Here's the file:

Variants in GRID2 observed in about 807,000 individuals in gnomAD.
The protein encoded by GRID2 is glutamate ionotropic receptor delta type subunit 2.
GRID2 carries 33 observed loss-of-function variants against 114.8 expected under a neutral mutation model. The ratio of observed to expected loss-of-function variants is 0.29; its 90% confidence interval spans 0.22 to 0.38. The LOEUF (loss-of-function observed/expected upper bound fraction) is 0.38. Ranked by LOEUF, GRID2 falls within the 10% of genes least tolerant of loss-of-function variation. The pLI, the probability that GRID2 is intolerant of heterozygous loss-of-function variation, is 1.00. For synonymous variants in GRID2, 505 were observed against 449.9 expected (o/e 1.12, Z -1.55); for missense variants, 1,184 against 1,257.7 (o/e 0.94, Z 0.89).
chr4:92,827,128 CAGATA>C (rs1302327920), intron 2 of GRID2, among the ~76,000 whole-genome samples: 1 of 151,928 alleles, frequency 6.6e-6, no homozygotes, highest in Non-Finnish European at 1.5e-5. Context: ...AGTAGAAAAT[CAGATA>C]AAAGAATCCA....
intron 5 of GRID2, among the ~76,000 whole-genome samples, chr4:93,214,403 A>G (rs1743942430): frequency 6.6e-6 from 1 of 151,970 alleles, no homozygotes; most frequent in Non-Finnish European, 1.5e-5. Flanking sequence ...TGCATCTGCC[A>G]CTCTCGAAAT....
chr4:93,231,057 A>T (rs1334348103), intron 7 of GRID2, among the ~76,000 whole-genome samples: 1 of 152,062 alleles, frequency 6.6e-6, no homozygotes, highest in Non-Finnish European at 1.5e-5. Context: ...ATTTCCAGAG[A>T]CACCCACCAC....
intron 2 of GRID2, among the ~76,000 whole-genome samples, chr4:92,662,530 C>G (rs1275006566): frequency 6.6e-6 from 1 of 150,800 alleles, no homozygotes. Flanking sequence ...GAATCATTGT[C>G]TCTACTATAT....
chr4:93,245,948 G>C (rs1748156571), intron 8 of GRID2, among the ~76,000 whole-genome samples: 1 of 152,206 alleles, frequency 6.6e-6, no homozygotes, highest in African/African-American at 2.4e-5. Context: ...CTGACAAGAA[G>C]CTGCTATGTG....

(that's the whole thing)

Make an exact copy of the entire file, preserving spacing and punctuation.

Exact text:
Variants in GRID2 observed in about 807,000 individuals in gnomAD.
The protein encoded by GRID2 is glutamate ionotropic receptor delta type subunit 2.
GRID2 carries 33 observed loss-of-function variants against 114.8 expected under a neutral mutation model. The ratio of observed to expected loss-of-function variants is 0.29; its 90% confidence interval spans 0.22 to 0.38. The LOEUF (loss-of-function observed/expected upper bound fraction) is 0.38. Ranked by LOEUF, GRID2 falls within the 10% of genes least tolerant of loss-of-function variation. The pLI, the probability that GRID2 is intolerant of heterozygous loss-of-function variation, is 1.00. For synonymous variants in GRID2, 505 were observed against 449.9 expected (o/e 1.12, Z -1.55); for missense variants, 1,184 against 1,257.7 (o/e 0.94, Z 0.89).
chr4:92,827,128 CAGATA>C (rs1302327920), intron 2 of GRID2, among the ~76,000 whole-genome samples: 1 of 151,928 alleles, frequency 6.6e-6, no homozygotes, highest in Non-Finnish European at 1.5e-5. Context: ...AGTAGAAAAT[CAGATA>C]AAAGAATCCA....
intron 5 of GRID2, among the ~76,000 whole-genome samples, chr4:93,214,403 A>G (rs1743942430): frequency 6.6e-6 from 1 of 151,970 alleles, no homozygotes; most frequent in Non-Finnish European, 1.5e-5. Flanking sequence ...TGCATCTGCC[A>G]CTCTCGAAAT....
chr4:93,231,057 A>T (rs1334348103), intron 7 of GRID2, among the ~76,000 whole-genome samples: 1 of 152,062 alleles, frequency 6.6e-6, no homozygotes, highest in Non-Finnish European at 1.5e-5. Context: ...ATTTCCAGAG[A>T]CACCCACCAC....
intron 2 of GRID2, among the ~76,000 whole-genome samples, chr4:92,662,530 C>G (rs1275006566): frequency 6.6e-6 from 1 of 150,800 alleles, no homozygotes. Flanking sequence ...GAATCATTGT[C>G]TCTACTATAT....
chr4:93,245,948 G>C (rs1748156571), intron 8 of GRID2, among the ~76,000 whole-genome samples: 1 of 152,206 alleles, frequency 6.6e-6, no homozygotes, highest in African/African-American at 2.4e-5. Context: ...CTGACAAGAA[G>C]CTGCTATGTG....